Ethics Column

Patients Who Experienced a Boundary Violation with their Prior Therapist

Debra Borys, Ph.D., FABPS


Psychologists must be mindful of several ethical considerations when treating a patient who has experienced a boundary violation by a previous therapist (e.g., sexual intimacy or a joint business venture).

Competence:  To treat this specific patient population, the psychologist should have a familiarity with the literature regarding the common clinical presentation and the impact of boundary violations on patients. The psychologist should also, optimally, have experience treating individuals who have experienced victimization or exploitation. Consultation with an experienced psychologist can serve to meet the competence requirement.

Boundary issues in the new treatment: A patient reporting inappropriate behavior by a prior therapist may evoke a range of conflicted feelings in the subsequent psychologist as well as the patient.  The psychologist should engage in self-reflection and consultation regarding any  impulses toward less objective or dual therapeutic roles, such as advocate or “rescuer,” or feelings of sexual arousal, disbelief, or blame toward the patient.  Additionally, if the psychologist is acquainted with the previous therapist, a conflict of interest may be present in treating the patient.

Special legal duties:  If the previous therapist engaged in any sexually inappropriate conduct, the subsequent psychologist is required by California law to provide the patient with a copy of the Board of Psychology pamphlet “Professional Therapy Never Includes Sex.”

Confidentiality:  Unless the patient was a minor or dependent adult at the time the boundary violation occurred, prompting review of mandated reporting laws, the subsequent psychologist may not report the behavior to any third party without the patient’s written authorization.  Additionally, since many such patients do pursue litigation or a professional complaint against the prior therapist, the subsequent psychologist should inform the patient at that time that release of his or her records and testimony of the new psychologist may be compelled by the Court or the Board of Psychology.  Further, a written release must be obtained before the new psychologist may even acknowledge to a third party, for example, the patient’s attorney, that the patient is in treatment.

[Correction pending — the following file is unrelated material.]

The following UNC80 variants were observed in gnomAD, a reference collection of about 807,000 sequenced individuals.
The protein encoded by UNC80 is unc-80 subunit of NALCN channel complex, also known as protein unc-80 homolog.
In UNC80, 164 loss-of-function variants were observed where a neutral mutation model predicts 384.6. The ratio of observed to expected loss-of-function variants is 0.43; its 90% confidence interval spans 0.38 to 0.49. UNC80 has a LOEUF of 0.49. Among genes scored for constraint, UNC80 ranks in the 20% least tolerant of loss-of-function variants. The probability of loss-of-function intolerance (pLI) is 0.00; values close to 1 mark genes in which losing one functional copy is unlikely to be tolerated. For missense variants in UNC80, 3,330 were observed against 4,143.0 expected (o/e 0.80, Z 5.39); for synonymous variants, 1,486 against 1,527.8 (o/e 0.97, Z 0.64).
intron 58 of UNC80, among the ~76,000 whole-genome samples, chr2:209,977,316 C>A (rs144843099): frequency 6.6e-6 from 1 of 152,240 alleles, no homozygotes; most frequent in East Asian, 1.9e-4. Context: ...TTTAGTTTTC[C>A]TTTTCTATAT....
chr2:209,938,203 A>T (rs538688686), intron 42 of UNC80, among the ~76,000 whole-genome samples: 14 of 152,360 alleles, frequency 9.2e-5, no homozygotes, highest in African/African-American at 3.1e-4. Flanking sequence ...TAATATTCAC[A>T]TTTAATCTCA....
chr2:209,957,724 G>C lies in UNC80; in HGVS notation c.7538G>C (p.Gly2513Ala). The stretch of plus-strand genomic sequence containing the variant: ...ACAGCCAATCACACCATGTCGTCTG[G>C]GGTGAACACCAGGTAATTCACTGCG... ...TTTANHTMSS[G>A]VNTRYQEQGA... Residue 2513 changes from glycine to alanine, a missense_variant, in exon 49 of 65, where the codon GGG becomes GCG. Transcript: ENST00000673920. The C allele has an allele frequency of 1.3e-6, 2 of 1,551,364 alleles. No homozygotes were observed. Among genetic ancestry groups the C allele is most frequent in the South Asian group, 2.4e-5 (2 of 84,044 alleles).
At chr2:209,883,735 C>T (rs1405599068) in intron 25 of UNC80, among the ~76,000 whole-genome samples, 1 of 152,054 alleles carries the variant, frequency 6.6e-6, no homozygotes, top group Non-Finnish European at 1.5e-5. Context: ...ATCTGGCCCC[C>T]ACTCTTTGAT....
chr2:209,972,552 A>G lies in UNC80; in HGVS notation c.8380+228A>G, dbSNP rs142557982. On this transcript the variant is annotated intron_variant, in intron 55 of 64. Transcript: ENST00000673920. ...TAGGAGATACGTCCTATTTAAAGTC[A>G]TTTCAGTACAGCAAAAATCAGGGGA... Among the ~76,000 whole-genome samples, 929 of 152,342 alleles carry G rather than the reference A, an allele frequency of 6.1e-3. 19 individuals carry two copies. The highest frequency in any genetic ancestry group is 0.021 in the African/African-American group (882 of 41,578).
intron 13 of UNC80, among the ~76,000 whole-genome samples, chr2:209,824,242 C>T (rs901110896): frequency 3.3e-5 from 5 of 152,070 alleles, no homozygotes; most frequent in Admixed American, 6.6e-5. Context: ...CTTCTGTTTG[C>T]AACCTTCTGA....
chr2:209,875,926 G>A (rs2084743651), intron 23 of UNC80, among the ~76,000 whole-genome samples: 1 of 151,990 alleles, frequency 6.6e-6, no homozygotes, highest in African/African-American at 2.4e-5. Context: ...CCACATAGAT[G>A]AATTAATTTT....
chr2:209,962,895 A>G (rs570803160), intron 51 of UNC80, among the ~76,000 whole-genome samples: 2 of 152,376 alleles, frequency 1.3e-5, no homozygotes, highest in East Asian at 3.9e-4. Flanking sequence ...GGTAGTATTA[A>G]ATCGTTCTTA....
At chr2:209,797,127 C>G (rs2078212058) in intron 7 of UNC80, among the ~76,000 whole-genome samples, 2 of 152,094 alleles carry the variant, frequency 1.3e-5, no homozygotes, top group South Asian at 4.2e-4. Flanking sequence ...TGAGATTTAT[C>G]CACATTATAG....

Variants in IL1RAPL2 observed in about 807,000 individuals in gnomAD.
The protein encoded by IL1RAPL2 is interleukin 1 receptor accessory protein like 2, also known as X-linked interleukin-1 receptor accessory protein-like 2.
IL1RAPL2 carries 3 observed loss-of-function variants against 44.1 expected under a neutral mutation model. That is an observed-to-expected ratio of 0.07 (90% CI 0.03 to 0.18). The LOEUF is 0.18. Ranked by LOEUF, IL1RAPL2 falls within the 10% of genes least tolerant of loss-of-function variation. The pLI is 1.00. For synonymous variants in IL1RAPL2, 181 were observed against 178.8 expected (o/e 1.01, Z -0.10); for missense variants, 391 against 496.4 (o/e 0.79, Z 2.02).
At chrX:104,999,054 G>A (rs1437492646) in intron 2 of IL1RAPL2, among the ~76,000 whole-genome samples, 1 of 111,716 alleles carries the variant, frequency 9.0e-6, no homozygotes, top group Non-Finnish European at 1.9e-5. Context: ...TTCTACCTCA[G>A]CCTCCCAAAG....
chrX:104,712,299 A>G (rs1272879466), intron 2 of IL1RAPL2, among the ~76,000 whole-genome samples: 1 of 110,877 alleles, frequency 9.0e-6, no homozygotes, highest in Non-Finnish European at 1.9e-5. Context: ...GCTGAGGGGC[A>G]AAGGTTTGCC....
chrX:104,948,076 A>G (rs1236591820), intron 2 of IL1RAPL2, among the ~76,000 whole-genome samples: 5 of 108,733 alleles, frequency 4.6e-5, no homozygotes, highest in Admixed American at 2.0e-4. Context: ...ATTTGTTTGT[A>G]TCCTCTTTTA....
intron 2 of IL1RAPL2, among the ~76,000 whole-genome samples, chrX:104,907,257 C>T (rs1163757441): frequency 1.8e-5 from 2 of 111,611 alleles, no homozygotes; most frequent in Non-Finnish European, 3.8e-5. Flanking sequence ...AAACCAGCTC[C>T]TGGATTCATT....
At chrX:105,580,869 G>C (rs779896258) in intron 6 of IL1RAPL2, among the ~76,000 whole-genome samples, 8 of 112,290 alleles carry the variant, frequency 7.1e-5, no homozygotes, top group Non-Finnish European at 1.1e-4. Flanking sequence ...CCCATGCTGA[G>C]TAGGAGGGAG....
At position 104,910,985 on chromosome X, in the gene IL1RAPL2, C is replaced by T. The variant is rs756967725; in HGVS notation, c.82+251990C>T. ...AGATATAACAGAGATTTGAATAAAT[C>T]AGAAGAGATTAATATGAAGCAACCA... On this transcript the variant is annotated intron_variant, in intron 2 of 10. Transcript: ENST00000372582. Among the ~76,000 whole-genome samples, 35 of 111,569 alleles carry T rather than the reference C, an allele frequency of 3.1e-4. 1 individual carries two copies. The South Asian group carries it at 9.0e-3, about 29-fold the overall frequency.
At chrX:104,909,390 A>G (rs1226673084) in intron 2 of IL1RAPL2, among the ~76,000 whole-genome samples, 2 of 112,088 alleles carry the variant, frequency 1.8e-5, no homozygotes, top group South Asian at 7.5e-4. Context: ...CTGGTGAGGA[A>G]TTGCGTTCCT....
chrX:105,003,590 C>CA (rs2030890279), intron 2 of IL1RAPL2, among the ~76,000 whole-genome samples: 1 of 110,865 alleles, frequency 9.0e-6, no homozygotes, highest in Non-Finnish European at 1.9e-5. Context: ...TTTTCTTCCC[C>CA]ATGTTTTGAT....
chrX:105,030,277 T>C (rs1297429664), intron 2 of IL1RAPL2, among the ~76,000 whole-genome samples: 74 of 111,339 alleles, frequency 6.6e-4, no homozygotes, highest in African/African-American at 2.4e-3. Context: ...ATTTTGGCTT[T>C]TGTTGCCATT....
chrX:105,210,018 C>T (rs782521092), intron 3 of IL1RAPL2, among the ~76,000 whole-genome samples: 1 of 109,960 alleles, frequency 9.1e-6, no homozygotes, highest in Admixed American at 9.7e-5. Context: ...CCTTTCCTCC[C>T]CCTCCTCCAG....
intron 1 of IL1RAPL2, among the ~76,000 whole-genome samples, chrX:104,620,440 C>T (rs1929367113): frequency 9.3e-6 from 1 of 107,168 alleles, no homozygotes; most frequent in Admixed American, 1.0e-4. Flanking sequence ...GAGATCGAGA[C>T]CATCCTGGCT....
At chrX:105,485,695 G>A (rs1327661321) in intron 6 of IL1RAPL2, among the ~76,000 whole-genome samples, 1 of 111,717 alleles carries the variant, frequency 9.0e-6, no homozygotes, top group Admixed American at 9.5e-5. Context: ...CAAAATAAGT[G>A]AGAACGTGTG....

Informed Consent:  The patient should be informed of any additional charges that would be incurred for litigation or related complaint, including the preparation of reports, phone calls with their attorneys, or subpoenaed testimony.  Also, the distinction between the role of treating therapist and expert witness should be made clear to the patient.

Documentation:  Since release of therapy records might be required in subsequent litigation or a professional complaint initiated by the patient, avoidance of the use of jargon, pejorative or pathologizing terminology, or use of third party names  is advisable because the patient, prior therapist, attorneys, and a jury may all have access to the notes in the future.  Failure to keep progress notes is below the standard of care and an ethical violation in itself for psychologists.  Charting any decision-making regarding ethical or legal issues arising in a case is also recommended.